Endel Tulving, Ph.D., the Clark Way Harrison Distinguished Visiting Professor of Psychology and Cognitive Neuroscience in Arts & Sciences, is one of six scientists to be awarded the 2005 Gairdner International Award for groundbreaking work in medical research.
Tulving, an emeritus professor at the University of Toronto, has been a visiting scholar at Washington University since 1996, normally spending two or three months on campus each year. Now 77 years old, he remains active in research at Washington University and in Toronto, where he holds the Tanenbaum Chair in Cognitive Neuroscience at the Rotman Research Institute.
Among the most prestigious awards in all of science, “The Gairdners” recognize outstanding contributions by medical scientists worldwide whose work will significantly improve the quality of life. Of the 274 Gairdner winners, 64 have gone on to win the Nobel Prize. Now in their 46th year, the awards were founded by the late Toronto businessman, James Gairdner (www.gairdner.org).
“The 2005 awards honor outstanding achievements in three very different but important areas of inquiry and discovery: obesity, human memory and gene splicing,” said John Dirks, president of the Gairdner Foundation. “Each of the awardees has done groundbreaking work that is transforming our understanding of how the body functions and how its malfunctions can be overcome.”
Although the Gairdners are usually awarded to medical scientists, Tulving is one of two cognitive psychologists selected to receive the honor in 2005. The awards committee cited his “pioneering research in the understanding of human memory, and providing the necessary framework within which findings in neuroanatomy, neurophysiology, and neuropharmacology can be integrated.”
Born in Estonia in 1927, Tulving moved to Canada in his late teens and attended the University of Toronto, where he received bachelor’s and master’s degrees in psychology in the mid-1950s. He earned a doctoral degree in experimental psychology from Harvard University in 1957. He spent most of his career at the University of Toronto, but also has taught at Yale and other leading universities. Other honors include the Distinguished Scientific Contribution Award from the American Psychological Association (1983); Guggenheim Fellowship (1987); National Academy of Sciences (1988); Fellow, Royal Society of London (1992); Gold Medal Award for Life Achievement in Psychological Science from the American Psychological Foundation (1994); and the McGovern Award from the American Association for the Advancement of Science (1996).
Tulving is perhaps best known for his research on episodic memory, much of it summarized in his 1983 book, Elements of Episodic Memory (Oxford University Press). During the 1960s, while most research focused on how memories are acquired and stored, Tulving was the first to argue that researchers should be paying more attention to the equally important, but often-neglected memory retrieval processes, or how stored information is accessed. Tulving argued that the key problem in human memory is retrieval of information, and he spent much of his career in studying factors that affect retrieval of information.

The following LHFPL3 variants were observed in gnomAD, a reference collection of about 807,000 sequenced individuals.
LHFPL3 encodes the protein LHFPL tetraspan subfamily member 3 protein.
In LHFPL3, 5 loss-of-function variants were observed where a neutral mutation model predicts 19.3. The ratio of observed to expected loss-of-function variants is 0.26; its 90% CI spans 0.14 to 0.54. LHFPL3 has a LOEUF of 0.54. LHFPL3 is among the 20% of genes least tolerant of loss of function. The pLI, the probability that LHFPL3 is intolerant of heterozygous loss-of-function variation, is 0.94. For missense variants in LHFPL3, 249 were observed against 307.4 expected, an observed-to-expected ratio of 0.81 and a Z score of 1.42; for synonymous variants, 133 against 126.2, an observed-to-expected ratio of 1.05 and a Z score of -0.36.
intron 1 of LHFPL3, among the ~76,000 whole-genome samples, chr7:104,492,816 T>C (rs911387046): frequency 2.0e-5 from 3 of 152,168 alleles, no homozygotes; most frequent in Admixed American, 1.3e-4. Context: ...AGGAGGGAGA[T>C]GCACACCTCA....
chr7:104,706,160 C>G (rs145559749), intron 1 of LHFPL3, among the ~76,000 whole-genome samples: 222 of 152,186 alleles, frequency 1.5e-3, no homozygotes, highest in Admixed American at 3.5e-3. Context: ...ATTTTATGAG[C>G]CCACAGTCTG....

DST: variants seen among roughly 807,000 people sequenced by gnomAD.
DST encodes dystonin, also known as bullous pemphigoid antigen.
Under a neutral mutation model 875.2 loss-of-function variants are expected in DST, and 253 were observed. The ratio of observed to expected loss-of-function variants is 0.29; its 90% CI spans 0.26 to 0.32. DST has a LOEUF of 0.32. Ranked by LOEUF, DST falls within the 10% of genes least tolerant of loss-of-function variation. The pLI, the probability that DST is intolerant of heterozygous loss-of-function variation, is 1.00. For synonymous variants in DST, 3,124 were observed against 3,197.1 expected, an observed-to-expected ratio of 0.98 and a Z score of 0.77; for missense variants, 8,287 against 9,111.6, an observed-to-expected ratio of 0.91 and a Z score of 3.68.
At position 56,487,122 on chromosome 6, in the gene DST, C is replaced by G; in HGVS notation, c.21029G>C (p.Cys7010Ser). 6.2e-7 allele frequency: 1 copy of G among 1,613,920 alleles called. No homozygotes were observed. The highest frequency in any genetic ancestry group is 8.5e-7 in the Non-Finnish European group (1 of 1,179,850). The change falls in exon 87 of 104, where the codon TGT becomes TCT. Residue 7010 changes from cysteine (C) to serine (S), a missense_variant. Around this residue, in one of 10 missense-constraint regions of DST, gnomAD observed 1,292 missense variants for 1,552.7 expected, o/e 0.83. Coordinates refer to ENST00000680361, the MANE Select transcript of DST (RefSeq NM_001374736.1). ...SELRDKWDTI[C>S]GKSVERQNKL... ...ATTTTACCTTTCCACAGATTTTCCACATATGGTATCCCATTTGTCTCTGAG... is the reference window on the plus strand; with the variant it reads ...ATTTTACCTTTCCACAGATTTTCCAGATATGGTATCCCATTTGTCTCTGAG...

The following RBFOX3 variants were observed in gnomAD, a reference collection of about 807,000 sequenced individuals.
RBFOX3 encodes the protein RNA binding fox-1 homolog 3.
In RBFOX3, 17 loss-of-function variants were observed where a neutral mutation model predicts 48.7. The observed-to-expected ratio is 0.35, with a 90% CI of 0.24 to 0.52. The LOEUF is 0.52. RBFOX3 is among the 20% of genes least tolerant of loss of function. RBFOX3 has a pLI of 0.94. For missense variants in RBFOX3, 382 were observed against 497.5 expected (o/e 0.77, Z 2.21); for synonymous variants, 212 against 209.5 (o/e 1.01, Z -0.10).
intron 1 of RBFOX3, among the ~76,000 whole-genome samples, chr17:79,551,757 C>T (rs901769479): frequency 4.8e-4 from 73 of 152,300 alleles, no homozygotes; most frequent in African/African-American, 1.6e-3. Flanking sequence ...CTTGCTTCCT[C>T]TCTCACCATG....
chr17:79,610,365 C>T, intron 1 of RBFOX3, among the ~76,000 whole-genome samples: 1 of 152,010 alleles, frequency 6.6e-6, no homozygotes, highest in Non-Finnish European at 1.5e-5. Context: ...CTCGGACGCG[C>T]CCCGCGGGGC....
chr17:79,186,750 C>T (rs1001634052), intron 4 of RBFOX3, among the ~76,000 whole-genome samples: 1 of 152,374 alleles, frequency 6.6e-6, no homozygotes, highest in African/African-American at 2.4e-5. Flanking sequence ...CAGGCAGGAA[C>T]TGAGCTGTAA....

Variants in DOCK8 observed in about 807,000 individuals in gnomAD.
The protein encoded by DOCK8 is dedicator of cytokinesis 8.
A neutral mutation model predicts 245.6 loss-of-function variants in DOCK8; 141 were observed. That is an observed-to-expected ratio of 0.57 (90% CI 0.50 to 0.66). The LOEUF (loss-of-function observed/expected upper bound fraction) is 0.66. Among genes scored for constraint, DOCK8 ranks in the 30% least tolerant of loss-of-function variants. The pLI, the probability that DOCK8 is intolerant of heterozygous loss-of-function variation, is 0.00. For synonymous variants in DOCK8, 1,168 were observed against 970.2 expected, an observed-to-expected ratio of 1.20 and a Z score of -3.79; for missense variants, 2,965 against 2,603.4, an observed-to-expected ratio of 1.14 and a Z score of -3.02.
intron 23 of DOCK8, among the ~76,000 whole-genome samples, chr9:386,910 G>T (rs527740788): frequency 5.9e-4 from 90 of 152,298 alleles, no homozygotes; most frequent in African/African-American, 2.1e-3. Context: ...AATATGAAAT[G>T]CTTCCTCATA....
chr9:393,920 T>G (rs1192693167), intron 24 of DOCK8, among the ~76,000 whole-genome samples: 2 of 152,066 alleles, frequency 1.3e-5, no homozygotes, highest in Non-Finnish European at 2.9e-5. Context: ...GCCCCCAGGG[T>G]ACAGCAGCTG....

Henry L. Roediger, III, a former student of Tulving’s and now James S. McDonnell Distinguished University Professor and Dean of Academic Planning at Washington University, noted that “Endel Tulving’s work over the past 50 years has greatly influenced the field of cognitive psychology and cognitive neuroscience. His novel theoretical proposals and brilliant experimental work have had wide impact, and his papers have been cited well over 20,000 times in the scientific literature. He is richly deserving of this great award.”
The Gairdner awards, which include a cash prize of $30,000 (Canadian), will be presented at a dinner held in October at the Four Seasons Hotel in Toronto. Since 2003, the lead national sponsor of the Gairdner awards has been the Canadian Institutes of Health Research (CIHR). Composed of 13 Institutes, CIHR (www.cihr.ca) provides leadership and support to more than 9,000 researchers and research teams in every province of Canada.
“The Gairdner awards are synonymous with exceptional, internationally-recognized, cutting-edge research,” said Alan Bernstein, CIHR president. “Their work will have a direct impact on Canadians and people around the world.”
The other 2005 Gairdner awardees are:
Brenda Milner, the Dorothy J. Killam Professor of Cognitive Neuroscience at McGill University, Montreal, for research on the understanding of human memory.
Jeffrey Friedman, a genetics professor at Rockefeller University in New York, for contributions to the understanding of obesity, and particularly for the discovery of the adipose (fat) tissue hormone leptin.
Douglas Coleman, senior scientist, emeritus, at the Jackson Laboratory, Bar Harbor, Me., for contributions to the understanding of obesity and for the discovery of leptin.
Craig Mello, chair of molecular medicine at the University of Massachusetts Medical School, for the discovery of RNA interference and the use of RNA in gene slicing.
Andrew Fire, professor of pathology and genetics at Stanford University School of Medicine, also for the discovery of RNA interference and the use of RNA in gene slicing.